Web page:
lundi 6 décembre 2010

Everyday economic insanity -- Daniel Mathews

Yesterday was hidden from them,
tomorrow was sealed ...
there was only the eternal now

Extrait de l'introduction :

It is a very common point of view. Almost surely you have seen it, heard it, read about it or discussed it at some point. Within present-day Western culture, there is a tremendously strong thread of deep-seated pessimism about our lives and our prospects for the future, even nihilism. Popular music groups sing songs about it; popular books are written about it; the commercial world is constrained usually not to talk about it, but it is there; it lurks behind all discussion of work, of economic life, of the environment, and of globalisation. The world is becoming a marketplace, with unrestrained capitalism impossible to avoid. Communism is dead, and there is no alternative, nothing better than the global capitalist system, or at least so says conventional wisdom. Greed is good, we are told; or at least, we cannot do any better. Our lives are saturated with advertising, marketing imagery, and urges to consume one or another product. Our work is becoming harder, dumber, more controlled, more supervised, more contract-based, and less secure. Companies downsize, lay off workers, transfer production to cheaper or more pliant labour markets; all as they reap record profits. Our lives are meaningless, not only in a philosophical sense, but also in the sense that there is no rhyme or reason, and no satisfaction, but only degradation, repetition, subservience, misery, and arbitrary bouts of suffering, in the actions we perform every day, in that part we call 'work'; and added to this, we are probably doomed. In short - everything is wrong.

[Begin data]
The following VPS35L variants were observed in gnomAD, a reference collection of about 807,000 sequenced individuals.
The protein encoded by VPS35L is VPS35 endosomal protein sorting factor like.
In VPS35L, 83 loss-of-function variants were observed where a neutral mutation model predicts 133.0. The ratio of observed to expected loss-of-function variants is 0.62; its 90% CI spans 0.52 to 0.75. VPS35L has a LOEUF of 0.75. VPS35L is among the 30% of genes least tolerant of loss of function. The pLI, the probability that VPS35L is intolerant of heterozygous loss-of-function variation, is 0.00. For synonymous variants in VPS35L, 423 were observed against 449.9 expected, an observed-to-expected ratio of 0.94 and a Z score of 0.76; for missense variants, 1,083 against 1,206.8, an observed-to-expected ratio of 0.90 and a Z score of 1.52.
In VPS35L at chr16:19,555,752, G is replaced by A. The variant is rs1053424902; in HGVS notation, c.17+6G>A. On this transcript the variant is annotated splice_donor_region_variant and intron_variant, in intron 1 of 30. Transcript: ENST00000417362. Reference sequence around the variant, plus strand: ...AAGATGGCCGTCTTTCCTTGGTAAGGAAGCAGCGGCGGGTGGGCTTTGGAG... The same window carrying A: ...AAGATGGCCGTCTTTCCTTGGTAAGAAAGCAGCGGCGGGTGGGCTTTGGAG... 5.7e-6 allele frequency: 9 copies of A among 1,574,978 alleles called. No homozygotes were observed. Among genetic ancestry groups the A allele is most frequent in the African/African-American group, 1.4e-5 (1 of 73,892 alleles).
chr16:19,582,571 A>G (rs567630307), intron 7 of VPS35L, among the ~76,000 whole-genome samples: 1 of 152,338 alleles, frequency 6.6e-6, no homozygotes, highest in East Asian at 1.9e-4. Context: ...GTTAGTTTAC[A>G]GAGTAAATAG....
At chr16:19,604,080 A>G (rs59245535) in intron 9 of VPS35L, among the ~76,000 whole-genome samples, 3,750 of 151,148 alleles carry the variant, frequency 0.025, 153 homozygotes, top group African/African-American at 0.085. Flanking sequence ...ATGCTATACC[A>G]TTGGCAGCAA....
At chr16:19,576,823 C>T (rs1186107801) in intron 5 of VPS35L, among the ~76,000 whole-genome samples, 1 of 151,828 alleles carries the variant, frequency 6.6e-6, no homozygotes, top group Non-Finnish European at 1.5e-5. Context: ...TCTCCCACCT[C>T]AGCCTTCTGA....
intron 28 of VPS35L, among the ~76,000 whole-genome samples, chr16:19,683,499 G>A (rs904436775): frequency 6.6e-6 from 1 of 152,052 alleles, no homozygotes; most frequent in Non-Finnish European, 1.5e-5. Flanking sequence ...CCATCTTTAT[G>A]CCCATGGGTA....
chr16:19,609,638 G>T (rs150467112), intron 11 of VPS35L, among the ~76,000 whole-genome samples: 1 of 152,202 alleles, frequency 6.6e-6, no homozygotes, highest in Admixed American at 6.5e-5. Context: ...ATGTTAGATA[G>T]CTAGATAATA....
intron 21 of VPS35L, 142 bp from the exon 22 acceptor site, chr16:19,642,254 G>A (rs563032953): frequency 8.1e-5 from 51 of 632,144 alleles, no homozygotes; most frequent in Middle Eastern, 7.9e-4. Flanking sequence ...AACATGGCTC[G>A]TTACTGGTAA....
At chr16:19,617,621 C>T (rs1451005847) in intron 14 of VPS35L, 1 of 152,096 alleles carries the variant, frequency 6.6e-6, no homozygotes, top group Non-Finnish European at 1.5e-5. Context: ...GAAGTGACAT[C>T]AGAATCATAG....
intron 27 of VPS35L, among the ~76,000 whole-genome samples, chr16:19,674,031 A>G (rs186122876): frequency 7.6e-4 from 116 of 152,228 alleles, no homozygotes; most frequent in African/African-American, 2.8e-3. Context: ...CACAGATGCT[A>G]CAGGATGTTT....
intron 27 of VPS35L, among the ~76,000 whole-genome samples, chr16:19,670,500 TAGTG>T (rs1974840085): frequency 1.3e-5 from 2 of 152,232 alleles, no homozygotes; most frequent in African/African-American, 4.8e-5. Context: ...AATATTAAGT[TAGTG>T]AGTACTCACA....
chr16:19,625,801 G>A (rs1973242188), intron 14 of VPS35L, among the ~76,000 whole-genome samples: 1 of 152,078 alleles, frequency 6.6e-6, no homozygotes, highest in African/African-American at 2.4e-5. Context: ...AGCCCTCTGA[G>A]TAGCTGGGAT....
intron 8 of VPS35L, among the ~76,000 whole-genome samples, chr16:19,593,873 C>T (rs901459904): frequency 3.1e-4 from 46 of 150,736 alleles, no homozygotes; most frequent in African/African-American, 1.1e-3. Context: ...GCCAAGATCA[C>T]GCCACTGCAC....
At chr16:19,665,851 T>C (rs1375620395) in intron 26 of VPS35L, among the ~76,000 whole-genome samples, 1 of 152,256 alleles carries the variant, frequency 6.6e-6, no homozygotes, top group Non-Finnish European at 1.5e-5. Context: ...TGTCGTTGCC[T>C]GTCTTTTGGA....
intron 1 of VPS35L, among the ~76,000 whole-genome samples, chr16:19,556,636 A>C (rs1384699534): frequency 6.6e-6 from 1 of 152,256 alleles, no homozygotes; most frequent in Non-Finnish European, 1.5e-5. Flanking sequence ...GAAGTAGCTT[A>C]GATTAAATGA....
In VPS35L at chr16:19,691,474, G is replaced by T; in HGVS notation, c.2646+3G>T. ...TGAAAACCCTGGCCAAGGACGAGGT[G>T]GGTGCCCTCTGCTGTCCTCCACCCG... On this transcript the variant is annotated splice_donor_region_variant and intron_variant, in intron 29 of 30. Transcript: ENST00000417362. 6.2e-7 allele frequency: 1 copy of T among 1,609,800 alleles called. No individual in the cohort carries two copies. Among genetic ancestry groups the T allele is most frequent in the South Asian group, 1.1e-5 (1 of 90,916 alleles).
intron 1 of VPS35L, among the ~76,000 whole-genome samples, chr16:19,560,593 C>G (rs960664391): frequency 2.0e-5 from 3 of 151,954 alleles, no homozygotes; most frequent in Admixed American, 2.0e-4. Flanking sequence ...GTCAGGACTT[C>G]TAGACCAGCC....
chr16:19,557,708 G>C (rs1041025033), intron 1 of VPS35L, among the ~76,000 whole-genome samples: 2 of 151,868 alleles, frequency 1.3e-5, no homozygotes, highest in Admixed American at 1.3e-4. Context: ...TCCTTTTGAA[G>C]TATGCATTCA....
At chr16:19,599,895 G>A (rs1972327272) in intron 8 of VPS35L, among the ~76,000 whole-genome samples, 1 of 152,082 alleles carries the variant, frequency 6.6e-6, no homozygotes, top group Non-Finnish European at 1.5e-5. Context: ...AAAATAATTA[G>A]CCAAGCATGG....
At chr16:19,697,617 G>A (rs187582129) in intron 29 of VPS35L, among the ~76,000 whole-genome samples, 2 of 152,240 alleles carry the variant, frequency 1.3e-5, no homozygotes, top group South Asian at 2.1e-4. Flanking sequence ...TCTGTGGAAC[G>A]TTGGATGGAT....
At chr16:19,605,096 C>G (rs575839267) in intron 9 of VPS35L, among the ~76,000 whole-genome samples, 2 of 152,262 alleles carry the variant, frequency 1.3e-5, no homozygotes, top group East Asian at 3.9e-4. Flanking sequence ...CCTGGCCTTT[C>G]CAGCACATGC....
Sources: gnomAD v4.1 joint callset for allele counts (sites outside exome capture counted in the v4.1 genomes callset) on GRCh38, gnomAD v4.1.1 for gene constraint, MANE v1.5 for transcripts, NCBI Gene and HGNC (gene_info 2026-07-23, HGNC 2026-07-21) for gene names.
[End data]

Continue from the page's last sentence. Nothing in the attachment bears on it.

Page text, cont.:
We ought to be very careful before lapsing into hopelessness: indeed I think there are good reasons for avoiding it. The institutions of global capitalism, of corporate media, and of State power may not be as inevitable and eternal as they seem or are made out to be; indeed they are historically young, possibly aberrations, and the most cursory glance at history demonstrates just how quickly and thoroughly society can change. Given this flexibility - this notion that our social structures are actually contingent, temporary, and possibly arbitrary - there most certainly are alternatives.

But nevertheless, if we are to describe present-day Western culture, then we cannot avoid describing this phenomenon. This is what we hear, when in our culture we are not being bombarded by advertising, political spin, or triumphant academics ('conservative' or 'liberal') - which we are, most of the time, especially when we access the media. It is a theme pervading culture; whether we agree with it is another matter. If we are to examine this cultural phenomenon, we must look behind the specific cultural expressions of this mood, and avoidgetting bogged down in the psychology of this helplessness: what is the source of these sentiments?

Well, one can point to various things, for instance the decline of religion, the looming energy crisis, environmental disaster, the apparent collapse of alternatives to capitalism. But the phenomenon persists even among many people who do not think about religion or philosophy or environmental issues or the history or future of human society; they live and shop in the present. The opening passage of this chapter suggests that it runs together with our economics and its values: materialism, capitalism, individualism and consumerism. So let us try investigate the economic side of the question; let us try to be a little more precise about economics, at the everyday level.

En prime, le blog de l'auteur, "visiting assistant professor" au département de mathématiques du Boston College.